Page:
By the way I ought to ’ave mentioned that young ’Amalet’s mother, the widow of the ghost, ’as gone and married the very man ’oo caused ’er former husband all this inconvenience. And when young ’Amalet has had this interview with the ghost he comes over all funny and ’e ’as to take some of his tablets in order to get it down. Well in the middle of all this unpleasantness poor ’Amalet ’as no friend to turn to. Orphelia, ’is young lady, ’as turned out a big disappointment. Somehow or other she doesn’t seem to be able to come up to the scratch. I don’t know ’ow it is—I think it’s mostly on account of ’er upbringing. She’s been made thoroughly cowed by her father Polonius. He’s the Prime Minister and Head of the Secret Service Department. ’Amalet ’its ’im off a treat. “Oh ’im,” he says. “’E is all for a joke or a tale of bawdy or ’e sleeps.” How well we know that type!

Anyway at the finish Chance steps in. Young ’Amalet sits moping about you see. ’E doesn’t seem to ’ave any go in ’im somehow. So the old king says to ’im: “Look, cousin ’Amalet.” Cousin means nephew in Shakespeare you see. He says: “You’re properly run down. What about a few days at the seaside?” But ’Amalet says: “No, I tell you what I would like Uncle Claud,” he says: “Could we ’ave the local repertory company in to do a show?” And the old king says to
  Rose and Crantz and Guild and Stern, only two people you see: “Why not?” he says. “It might take ’im out of ’imself a bit.”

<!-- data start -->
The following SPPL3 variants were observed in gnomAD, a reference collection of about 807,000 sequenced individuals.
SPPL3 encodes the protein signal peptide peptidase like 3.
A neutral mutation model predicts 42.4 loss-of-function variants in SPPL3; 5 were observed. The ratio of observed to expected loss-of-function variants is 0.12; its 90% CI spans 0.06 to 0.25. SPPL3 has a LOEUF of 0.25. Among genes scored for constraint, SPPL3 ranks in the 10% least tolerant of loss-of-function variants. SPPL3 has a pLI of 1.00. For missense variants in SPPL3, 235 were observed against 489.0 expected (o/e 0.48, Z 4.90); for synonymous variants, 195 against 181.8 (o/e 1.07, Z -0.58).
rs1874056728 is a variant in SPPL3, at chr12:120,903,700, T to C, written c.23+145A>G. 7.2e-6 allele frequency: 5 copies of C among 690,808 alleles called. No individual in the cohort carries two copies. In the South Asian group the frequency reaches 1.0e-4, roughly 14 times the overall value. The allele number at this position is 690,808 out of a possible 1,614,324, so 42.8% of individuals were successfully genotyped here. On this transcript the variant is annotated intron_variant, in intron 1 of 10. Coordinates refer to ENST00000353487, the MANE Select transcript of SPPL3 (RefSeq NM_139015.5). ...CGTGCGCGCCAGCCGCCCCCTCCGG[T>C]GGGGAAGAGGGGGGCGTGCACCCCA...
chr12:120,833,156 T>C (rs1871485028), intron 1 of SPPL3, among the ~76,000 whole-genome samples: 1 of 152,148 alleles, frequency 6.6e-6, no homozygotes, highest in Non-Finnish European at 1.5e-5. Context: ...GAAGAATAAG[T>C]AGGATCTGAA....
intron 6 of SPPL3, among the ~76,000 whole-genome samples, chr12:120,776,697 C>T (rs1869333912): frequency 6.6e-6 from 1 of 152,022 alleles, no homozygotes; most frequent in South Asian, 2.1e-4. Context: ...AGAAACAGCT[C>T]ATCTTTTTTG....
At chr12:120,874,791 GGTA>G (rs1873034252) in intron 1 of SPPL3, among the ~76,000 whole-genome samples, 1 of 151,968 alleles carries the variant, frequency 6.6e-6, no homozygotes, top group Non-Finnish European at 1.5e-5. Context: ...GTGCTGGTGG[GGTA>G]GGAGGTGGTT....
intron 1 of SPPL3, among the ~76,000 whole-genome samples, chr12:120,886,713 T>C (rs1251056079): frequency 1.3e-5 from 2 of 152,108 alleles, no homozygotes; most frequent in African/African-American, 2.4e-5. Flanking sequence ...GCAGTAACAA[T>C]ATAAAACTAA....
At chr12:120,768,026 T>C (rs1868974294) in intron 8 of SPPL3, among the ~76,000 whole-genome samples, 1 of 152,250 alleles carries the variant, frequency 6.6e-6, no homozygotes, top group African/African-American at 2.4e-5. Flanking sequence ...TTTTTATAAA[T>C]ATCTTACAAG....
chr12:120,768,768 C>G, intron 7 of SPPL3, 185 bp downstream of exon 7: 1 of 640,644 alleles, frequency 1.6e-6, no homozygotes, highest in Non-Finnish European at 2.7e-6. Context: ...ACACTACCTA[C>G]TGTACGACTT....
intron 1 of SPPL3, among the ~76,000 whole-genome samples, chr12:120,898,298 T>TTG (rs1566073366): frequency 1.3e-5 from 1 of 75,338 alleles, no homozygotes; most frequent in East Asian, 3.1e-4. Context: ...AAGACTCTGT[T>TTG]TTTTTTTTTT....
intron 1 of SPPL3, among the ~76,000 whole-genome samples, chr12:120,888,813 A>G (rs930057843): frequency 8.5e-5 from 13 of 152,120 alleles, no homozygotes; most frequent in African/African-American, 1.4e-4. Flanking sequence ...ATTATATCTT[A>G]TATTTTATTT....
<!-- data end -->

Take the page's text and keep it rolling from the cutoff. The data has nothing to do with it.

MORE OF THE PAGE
Well now Chance steps in again because young ’Amalet arranges with this theatrical company to enact a copy of a play in which the story is so similar to the circumstances of his own dad’s death it’s positively uncanny. “Now then,” ’e says to Horatio, “while this play is progressing keep your eye on Uncle Claud. If ’e blenches we shall know ’e’s the guil’y par’y.”

Well, believe it or not, in the middle of this play the king goes and blenches. No, it’s right honestly. And ’Amalet immediately shouts out “Wormwood! Wormwood!” meaning “I reckon you ought to be locked up.” And then all the lights fuse and the old king rushes out in a panic, shouting for an electrician.

Well, be that as it may, in the next scene young ’Amalet slays Polonius. ’E stabs ’im through the arrahss, y’see, where ’e’s secreted ’imself in order to satisfy ’is curiosity. And so Polonius dies as Aristotle laid down some years before through ’is weak spot. And young ’Amalet pushes ’is body into a little cupboard on the back stairs and leaves it there.
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